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Center of hatred
London increasingly emerging as radical Islamic, anti-Semitic hub
The mainstreaming of anti-Semitism and demonization of Israel is felt most acutely, however, in the public culture of the capital city of London. In the past decade, the United Kingdom’s undisputed political, economic, and cultural center has also become a major world center of political Islam and anti-Semitic, anti-Israel, and anti-American activism.

 

Through its Arabic-language newspapers, magazines, and publishing houses, not to mention its flourishing network of bookshops, mosques, and community centers, radical Islam has taken full advantage of what British democracy has to offer for its anti-Western goals, reaping the benefits of London’s significance as a hub of global finance, electronic media, and mass communications technology.

 

 
The effect of this with regard to anti-Semitism and virulent anti-Zionism has therefore been quite different from that found elsewhere in Europe: Although Britain’s Muslim population of about 1.5 million is only a quarter of that of France, the growing influence of London’s Muslims has given the most inflammatory of ideas a greater legitimacy in the capital’s political and cultural discourse than they enjoy virtually anywhere else.

 

Much of this energy has been directed at mobilizing Muslims to fight against Israel and America. The impassioned calls of Sheikh Omar Bakri Muhammad, a leading Muslim cleric in London, to “celebrate” the September 11 attacks as a great moment in history and recruit Muslim youth for “holy war” in Afghanistan, Iraq, and Palestine, have struck an emotional chord in the Muslim ghettos.

 

This is less surprising when one recalls that 40 percent of British Muslims surveyed in a Sunday Times poll after 9-11 believed Osama bin Laden was “justified” in his war against America. They even supported those of their coreligionists from Britain who volunteered to fight with the Taliban against the Western allies.

 

'Filthy Jews'

 

At the same time, Islamists like Al-Muhajiroun (“the Exiles”) spokesman Anjem Choudary regard Britain and the West as mere pawns, controlled by the “Zionists.” Israel is invariably portrayed as a “cancer in the heart of the Muslim world” to be eliminated only by radical surgery.

 

Sheikh Bakri himself has warned Jews in Britain to avoid any support for Israel lest they “become targets for Muslims.”

 

Al-Muhajiroun combines calls for “the black flag of Islam to fly over Downing Street” with demands for the liberation of Palestine and the Jihadist demand to “de-Judaize the West.”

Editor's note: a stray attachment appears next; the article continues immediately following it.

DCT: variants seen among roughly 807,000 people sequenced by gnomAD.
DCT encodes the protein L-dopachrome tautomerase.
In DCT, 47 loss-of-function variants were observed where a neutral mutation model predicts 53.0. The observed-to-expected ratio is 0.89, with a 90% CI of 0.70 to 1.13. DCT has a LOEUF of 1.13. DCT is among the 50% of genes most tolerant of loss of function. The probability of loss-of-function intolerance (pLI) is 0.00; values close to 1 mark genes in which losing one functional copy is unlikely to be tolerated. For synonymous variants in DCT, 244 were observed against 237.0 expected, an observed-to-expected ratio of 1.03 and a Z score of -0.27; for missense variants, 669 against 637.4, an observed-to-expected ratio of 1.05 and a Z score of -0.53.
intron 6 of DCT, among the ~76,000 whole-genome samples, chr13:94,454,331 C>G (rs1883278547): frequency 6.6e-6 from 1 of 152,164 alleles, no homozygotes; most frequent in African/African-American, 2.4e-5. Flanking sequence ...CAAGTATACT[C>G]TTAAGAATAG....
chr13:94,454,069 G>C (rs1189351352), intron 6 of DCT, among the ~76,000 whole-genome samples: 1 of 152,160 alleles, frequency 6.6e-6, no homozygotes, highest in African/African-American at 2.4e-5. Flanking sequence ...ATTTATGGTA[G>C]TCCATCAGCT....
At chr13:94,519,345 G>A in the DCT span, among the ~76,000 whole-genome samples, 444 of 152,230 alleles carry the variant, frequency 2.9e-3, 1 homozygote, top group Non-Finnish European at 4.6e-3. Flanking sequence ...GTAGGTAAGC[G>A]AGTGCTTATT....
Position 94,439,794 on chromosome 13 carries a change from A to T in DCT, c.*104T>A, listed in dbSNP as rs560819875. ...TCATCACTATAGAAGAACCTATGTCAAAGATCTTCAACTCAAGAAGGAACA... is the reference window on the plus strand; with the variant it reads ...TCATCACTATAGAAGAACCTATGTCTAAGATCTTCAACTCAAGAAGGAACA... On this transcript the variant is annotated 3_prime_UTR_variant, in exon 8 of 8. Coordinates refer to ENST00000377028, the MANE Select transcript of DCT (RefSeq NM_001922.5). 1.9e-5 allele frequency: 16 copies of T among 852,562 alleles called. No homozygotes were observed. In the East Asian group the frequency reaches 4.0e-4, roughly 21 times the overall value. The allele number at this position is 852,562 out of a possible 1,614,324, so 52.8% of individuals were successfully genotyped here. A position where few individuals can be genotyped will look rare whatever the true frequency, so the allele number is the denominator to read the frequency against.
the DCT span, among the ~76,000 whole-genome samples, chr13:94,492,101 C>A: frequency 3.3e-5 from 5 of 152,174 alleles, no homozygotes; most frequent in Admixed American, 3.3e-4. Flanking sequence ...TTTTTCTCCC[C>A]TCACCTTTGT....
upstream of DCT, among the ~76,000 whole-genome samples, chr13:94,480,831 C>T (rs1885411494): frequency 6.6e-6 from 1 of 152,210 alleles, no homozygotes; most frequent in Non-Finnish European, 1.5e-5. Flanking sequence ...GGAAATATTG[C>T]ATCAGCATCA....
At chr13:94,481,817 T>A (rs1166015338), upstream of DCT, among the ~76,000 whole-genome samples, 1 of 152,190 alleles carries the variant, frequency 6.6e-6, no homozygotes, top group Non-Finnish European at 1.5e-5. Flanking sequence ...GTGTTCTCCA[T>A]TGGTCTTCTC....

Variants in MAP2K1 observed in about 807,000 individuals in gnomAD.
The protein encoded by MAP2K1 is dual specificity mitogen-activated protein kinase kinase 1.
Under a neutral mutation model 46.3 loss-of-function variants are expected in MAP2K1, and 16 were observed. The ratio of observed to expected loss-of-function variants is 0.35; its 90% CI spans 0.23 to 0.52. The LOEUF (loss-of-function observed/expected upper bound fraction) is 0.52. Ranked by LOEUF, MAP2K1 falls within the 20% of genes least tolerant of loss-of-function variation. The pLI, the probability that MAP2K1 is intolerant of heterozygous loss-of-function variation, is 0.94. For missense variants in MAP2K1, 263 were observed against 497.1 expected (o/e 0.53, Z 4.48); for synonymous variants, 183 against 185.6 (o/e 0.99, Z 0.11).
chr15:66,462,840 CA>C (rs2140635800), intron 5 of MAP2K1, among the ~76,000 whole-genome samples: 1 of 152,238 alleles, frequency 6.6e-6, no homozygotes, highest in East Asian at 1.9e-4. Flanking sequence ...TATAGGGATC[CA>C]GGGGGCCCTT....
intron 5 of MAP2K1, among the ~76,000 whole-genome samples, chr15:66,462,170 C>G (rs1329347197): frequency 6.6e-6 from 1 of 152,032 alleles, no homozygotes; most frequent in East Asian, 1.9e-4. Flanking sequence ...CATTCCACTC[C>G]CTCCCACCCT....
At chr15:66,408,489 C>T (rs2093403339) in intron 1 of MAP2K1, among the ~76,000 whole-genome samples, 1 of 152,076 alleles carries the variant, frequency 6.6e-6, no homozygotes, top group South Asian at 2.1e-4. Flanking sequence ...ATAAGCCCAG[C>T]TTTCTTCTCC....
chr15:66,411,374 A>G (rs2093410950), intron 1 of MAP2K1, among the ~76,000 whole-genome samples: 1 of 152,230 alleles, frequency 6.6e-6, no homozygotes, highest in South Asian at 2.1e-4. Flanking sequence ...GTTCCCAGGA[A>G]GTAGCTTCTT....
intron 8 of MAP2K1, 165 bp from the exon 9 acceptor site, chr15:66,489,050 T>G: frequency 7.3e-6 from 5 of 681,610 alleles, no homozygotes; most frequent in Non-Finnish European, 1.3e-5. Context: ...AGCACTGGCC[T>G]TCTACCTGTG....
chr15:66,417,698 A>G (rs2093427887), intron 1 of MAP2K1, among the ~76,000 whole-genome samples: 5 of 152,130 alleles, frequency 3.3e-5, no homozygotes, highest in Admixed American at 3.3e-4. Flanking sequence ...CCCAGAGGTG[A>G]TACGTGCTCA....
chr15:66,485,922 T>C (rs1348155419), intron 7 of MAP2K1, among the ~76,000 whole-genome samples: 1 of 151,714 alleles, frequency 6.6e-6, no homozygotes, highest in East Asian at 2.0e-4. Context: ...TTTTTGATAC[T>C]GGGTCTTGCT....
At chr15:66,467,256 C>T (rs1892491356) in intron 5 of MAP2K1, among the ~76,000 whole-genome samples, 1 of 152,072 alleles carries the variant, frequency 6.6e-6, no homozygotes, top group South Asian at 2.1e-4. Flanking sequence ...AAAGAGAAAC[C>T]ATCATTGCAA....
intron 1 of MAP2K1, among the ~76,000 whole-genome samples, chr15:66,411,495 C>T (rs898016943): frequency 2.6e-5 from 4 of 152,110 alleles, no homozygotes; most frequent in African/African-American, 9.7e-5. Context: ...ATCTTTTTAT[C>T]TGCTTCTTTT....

This highly inflammable cocktail embracing Palestine, jihad, the dream of a worldwide caliphate, Koranic indoctrination, and classical Judeophobia, was exposed by the Old Bailey trial of Sheikh Abdullah el-Faisal, in February 2003.

 

The cleric, a Jamaican convert to Islam educated in Saudi Arabia, was found guilty of inciting to murder and racial hatred on the basis of his lectures and videocassettes - some of them on sale at specialty bookshops in Britain - and sentenced to nine years in prison.

 

Overwhelming evidence was produced at the trial to demonstrate his encouragement for a violent jihad to kill non-believers. Particular venom was reserved for the “filthy Jews.” In a spine-chilling speech which seemed to anticipate the May 2003 suicide mission of Hanif to Tel Aviv, el-Faisal ranted:

 

People with British passports, if you fly into Israel it is easy…. Fly into Israel and do whatever you can. If you die, you are up in Paradise. How do you fight a Jew? You kill a Jew.

 

Mayor compares Jewish reporter to Nazi camp guard

 

Such sentiments have long ceased to be limited to Muslim self-expression; the politics of London have begun to internalize the discourse of hate. In February of this year, the city’s mayor, Ken Livingstone, angrily compared a Jewish reporter for the Evening Standard to a concentration camp guard.

 

Instead of later apologizing, Livingstone criticized the reporter’s employer for what he said was its history of racism, scare-mongering, and, oddly enough, anti-Semitism.

 

Shortly thereafter, Livingstone published a piece in the Guardian claiming that Ariel Sharon “is a war criminal who should be in prison, not in office,” adding that “Israel’s own expansion has included ethnic cleansing.”

 

Subsequently, the Muslim Public Affairs Committee, responding to Jewish critics of the mayor, published an article on its web site entitled “Zionists Want Their Pound of Flesh.”

 

Given the legitimacy that such rhetoric enjoys in Britain today, it should not surprise us to discover the emergence of efforts among the intellectual elites to convert their rhetoric of hate into action - principally through the boycotting of Jewish and Israeli products and people.

 

It is these which have turned the public atmosphere in Britain into perhaps the most uncomfortable for Jews in all of Europe.

 

Excerpted from an article in the upcoming edition of Azure , published by Shalem Center, Jerusalem

 

Robert S. Wistrich holds the Neuberger Chair in Modern European History at the Hebrew University of Jerusalem and is director of its Vidal Sassoon International Center for the Study of Anti-Semitism
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